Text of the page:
The American Trucking Associations has voiced its support for the objectives of legislation (S. 1536) that would establish federal funding penalties for states that fail to make texting while driving illegal. The bill was introduced July 29 by Sens. Chuck Schumer (D-N.Y.), Robert Menendez (D-N.J.), Mary Landrieu (D-La.) and Kay Hagan (D-N.C.).
The bill requires all states to within two years of the bill’s passage ban writing, sending or reading text message using a hand-held mobile telephone or other portable electronic communication device. States that do not comply with the legislation risk losing 25 percent of their annual federal highway funding.
ATA’s safety agenda recommends that drivers and motor carriers consider policies to minimize or eliminate driver distraction caused by using electronic devices while operating any type of motor vehicle. However, ATA said it will work to ensure that the bill does not inadvertently require states to outlaw the use of truck cab fleet management systems that provide limited but necessary cargo-related information to professional drivers.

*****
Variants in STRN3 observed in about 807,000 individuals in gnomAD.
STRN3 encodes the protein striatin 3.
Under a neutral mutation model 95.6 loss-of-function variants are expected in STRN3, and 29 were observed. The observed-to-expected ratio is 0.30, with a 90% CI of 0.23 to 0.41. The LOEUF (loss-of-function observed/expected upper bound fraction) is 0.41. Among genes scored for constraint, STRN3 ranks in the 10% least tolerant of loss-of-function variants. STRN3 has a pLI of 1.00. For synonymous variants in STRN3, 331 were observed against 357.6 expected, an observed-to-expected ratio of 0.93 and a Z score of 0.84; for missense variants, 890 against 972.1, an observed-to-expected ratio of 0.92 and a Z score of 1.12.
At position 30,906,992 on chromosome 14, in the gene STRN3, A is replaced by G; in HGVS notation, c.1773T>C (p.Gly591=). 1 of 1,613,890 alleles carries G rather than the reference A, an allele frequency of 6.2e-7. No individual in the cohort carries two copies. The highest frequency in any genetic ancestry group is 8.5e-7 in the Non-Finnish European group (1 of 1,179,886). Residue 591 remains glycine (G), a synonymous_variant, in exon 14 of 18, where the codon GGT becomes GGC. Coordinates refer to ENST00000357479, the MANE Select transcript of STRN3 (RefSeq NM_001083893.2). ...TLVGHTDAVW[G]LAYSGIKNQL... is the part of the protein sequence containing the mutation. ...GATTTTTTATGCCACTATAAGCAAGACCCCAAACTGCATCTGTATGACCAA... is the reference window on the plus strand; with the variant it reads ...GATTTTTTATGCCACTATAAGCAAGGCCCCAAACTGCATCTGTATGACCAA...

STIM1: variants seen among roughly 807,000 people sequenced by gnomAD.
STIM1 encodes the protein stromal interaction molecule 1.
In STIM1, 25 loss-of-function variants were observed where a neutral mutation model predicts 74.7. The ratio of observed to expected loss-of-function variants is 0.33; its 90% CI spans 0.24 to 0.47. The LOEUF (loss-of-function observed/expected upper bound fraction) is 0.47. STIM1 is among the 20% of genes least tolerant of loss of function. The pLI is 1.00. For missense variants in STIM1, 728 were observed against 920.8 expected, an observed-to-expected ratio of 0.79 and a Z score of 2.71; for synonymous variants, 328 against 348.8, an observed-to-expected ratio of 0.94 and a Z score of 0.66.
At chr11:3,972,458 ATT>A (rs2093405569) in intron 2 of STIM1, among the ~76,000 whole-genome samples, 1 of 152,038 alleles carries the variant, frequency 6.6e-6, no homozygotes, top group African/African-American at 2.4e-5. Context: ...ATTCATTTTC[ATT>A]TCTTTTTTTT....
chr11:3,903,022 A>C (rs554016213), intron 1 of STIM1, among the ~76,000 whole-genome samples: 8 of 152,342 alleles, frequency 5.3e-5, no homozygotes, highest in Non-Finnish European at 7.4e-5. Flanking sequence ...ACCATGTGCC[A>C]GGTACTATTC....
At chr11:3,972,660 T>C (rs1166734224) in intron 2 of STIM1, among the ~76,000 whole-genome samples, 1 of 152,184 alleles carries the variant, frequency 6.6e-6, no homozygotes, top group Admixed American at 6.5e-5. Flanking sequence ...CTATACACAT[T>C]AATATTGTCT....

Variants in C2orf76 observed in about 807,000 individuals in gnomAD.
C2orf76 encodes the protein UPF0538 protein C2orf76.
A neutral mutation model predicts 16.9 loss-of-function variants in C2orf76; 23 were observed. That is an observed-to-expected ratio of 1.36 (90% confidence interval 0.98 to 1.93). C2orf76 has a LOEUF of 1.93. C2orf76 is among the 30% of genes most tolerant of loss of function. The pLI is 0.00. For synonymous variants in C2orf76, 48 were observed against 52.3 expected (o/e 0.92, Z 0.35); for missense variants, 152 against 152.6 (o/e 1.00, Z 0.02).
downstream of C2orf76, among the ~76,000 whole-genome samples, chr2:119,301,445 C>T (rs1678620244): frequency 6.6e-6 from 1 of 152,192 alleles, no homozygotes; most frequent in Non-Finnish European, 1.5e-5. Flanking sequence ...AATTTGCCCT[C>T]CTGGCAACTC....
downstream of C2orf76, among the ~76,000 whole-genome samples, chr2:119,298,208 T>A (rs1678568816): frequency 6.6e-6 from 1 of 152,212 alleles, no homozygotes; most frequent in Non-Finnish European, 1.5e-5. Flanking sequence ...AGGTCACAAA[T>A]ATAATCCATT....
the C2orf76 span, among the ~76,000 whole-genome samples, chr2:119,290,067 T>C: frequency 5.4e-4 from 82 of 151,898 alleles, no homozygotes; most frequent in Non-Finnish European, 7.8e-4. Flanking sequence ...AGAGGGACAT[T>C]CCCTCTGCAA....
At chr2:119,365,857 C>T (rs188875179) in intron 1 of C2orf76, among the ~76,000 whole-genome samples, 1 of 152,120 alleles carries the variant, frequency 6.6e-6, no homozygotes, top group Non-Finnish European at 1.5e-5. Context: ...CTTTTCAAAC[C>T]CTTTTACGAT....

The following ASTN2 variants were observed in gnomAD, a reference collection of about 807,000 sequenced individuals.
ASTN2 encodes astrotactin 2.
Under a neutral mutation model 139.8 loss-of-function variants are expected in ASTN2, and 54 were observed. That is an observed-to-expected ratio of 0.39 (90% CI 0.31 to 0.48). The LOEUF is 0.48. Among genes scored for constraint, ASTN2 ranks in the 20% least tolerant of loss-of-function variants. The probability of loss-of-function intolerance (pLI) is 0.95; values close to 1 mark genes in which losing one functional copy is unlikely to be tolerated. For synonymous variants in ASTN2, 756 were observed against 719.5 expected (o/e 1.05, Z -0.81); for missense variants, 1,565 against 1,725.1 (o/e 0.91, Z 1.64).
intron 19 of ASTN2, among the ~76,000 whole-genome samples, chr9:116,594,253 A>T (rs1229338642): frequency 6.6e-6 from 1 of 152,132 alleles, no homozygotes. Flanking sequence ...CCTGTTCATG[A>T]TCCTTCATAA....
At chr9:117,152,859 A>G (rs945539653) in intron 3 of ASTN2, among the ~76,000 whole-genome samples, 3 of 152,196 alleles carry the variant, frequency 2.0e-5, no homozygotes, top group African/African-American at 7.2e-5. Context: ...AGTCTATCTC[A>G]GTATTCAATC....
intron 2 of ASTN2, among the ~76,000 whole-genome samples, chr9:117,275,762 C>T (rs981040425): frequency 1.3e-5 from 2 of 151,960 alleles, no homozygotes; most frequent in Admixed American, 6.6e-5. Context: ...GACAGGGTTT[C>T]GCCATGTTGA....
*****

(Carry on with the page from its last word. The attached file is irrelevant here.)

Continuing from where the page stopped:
Text messaging while driving is already illegal in Alaska, California, Connecticut, Minnesota, New Jersey, Tennessee, Utah and the District of Columbia. In these states, police can stop a driver for texting while driving and ticket the driver. Text messaging while driving is also illegal in Maryland, Virginia, Washington and Louisiana but police cannot ticket a driver in these states for the offense unless the driver has been stopped for another traffic offense. Six additional states have legislation in place that will prohibit text messaging while driving by January of 2010.